An explosive space collision has left Jupiter with new research on its strange planetary nucleus.
The gas giant hit a smaller planet about 4.5 billion years ago, leaving it there with a center where hot gas bubbles up.
Scientists say that their work solves a long-standing mystery about Jupiter's center.
Most planets have cores of molten rock or soggy ice.
But Jupiter, by far the largest world in the solar system, has a bizarre mixture of solid rocks and hydrogen gas.
Now, a team of astronomers from Japan, China, Switzerland and the US is proposing an apocalyptic space crash.
They investigated the structure of the gas giant by searching the data from the NASA Juno spacecraft orbiting Jupiter since 2016.
After inserting these data into computer models, a giant planetary collision seems to be the best explanation for Jupiter's fragmented, gaseous core.
"Models of such a scenario lead to an internal structure that is compatible with a diluted core and lasts billions of years," writes the team in a study published in Nature.
The solar system was a chaotic place 4.5 billion years ago.
It's likely that huge, rogue planets were swinging around the sun next to the eight worlds we know today.
How far is Jupiter from Earth?
Learn how long it takes to find the largest planet in the solar system …
- Jupiter and Earth are at the closest point of their respective orbit at a distance of approximately 365 million miles.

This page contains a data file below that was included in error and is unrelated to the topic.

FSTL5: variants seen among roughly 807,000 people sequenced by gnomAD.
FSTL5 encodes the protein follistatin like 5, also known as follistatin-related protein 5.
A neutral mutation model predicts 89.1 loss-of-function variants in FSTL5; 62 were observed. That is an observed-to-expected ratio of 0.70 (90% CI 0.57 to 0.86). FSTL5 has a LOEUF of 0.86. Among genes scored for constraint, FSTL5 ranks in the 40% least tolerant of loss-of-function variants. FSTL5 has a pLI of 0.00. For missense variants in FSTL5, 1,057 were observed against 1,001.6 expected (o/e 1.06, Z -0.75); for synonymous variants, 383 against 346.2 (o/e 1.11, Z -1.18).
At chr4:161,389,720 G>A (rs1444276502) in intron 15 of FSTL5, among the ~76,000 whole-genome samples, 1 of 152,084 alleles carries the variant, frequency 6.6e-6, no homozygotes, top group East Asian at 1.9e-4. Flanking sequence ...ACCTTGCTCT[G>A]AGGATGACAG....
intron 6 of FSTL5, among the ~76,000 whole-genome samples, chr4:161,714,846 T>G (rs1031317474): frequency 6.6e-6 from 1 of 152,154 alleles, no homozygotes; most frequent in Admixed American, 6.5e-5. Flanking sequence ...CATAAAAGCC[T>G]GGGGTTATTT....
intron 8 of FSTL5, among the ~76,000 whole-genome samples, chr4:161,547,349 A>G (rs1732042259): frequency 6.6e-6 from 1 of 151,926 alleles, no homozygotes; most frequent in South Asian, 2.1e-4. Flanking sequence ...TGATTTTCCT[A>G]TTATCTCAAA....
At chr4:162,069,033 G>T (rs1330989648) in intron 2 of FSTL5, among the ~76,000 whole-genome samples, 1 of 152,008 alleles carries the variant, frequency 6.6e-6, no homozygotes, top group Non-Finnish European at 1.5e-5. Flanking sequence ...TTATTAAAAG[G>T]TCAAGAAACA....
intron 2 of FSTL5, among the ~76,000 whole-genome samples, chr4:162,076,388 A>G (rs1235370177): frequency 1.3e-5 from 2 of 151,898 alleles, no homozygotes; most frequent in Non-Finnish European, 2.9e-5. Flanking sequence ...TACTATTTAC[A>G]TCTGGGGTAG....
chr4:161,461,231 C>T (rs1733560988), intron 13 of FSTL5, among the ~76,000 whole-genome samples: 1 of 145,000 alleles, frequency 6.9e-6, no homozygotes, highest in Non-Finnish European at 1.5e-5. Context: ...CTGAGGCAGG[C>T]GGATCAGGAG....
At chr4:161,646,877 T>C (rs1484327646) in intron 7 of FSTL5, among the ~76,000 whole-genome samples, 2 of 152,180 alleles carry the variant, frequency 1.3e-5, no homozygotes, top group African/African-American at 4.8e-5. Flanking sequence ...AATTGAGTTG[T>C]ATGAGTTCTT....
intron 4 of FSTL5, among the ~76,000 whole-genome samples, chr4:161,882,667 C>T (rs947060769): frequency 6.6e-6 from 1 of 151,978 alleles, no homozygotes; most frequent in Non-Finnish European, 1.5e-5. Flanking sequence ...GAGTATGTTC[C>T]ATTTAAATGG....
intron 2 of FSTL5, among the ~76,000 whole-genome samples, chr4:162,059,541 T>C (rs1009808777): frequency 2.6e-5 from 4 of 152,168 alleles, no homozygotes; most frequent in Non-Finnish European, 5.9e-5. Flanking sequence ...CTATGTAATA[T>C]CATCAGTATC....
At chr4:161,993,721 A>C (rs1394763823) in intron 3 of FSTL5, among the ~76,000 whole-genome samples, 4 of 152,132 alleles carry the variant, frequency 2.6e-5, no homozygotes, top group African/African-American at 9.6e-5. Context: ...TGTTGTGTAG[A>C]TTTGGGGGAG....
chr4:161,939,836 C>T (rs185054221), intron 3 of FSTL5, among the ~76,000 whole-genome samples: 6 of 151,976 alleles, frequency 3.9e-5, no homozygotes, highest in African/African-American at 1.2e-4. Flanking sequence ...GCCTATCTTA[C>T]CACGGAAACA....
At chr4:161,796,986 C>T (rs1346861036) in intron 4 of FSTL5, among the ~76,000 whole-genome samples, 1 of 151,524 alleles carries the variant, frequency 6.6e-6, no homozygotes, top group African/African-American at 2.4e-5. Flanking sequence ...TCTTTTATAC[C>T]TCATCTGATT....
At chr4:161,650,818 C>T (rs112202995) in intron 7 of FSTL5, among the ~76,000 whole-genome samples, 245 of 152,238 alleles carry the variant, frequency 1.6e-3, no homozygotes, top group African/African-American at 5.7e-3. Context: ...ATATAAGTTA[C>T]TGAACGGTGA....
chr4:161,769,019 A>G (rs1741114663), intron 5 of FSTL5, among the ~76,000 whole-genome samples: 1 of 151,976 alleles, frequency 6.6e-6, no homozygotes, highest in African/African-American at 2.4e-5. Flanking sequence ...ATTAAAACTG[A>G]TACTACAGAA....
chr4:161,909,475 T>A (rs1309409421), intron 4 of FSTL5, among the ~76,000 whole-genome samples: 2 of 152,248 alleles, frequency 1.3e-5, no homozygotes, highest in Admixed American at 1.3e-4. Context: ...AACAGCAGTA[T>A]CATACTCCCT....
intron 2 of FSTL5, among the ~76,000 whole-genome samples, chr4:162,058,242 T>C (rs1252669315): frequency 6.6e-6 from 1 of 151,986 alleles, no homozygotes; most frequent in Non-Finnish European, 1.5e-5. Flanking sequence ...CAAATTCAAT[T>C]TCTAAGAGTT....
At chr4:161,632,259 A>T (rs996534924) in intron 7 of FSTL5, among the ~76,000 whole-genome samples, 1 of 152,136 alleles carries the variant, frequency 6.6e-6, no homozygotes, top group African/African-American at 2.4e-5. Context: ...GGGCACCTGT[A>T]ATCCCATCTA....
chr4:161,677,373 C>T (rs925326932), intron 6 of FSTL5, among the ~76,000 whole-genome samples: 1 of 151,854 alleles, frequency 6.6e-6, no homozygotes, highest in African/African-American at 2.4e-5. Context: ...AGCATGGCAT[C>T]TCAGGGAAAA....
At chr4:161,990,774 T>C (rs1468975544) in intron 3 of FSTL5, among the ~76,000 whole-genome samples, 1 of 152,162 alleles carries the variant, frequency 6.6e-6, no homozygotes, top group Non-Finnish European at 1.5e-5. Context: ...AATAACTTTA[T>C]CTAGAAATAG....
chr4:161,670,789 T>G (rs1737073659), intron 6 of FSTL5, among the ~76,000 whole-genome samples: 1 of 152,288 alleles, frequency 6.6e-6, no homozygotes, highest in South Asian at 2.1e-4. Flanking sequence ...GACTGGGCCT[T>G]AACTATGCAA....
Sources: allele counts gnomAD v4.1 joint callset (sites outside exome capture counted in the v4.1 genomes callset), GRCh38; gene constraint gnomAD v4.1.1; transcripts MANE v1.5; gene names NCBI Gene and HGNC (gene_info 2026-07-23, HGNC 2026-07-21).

- But because neither the planet rotates around the sun in a perfect circle nor at the same speed, that number fluctuates dramatically.
- When they are furthest apart, the planets are 601 million miles apart, more than two-thirds farther from their nearest.
- Since it is further away, Jupiter needs 11.86 Earth years to create an orbit of the Sun.
- As we travel around our star, we catch up with the gas giant every 399 days, so the gas giant seems to be wandering backwards in the night sky.
Researchers believe that Jupiter's nucleus has formed after colliding with a planet about ten times the size of the Earth.
In such an event, Jupiter's core would probably merge with the smaller planet within ten hours.
Research suggests that the solar system in its beginning was a violent place where giant planets regularly plowed into each other.
The scientists wrote: "We suggest that collisions were common in the young solar system.
"A similar event could have occurred for Saturn and contributed to the structural differences between Jupiter and Saturn."
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Do you think Jupiter was hit by another planet? Let us know in the comments!
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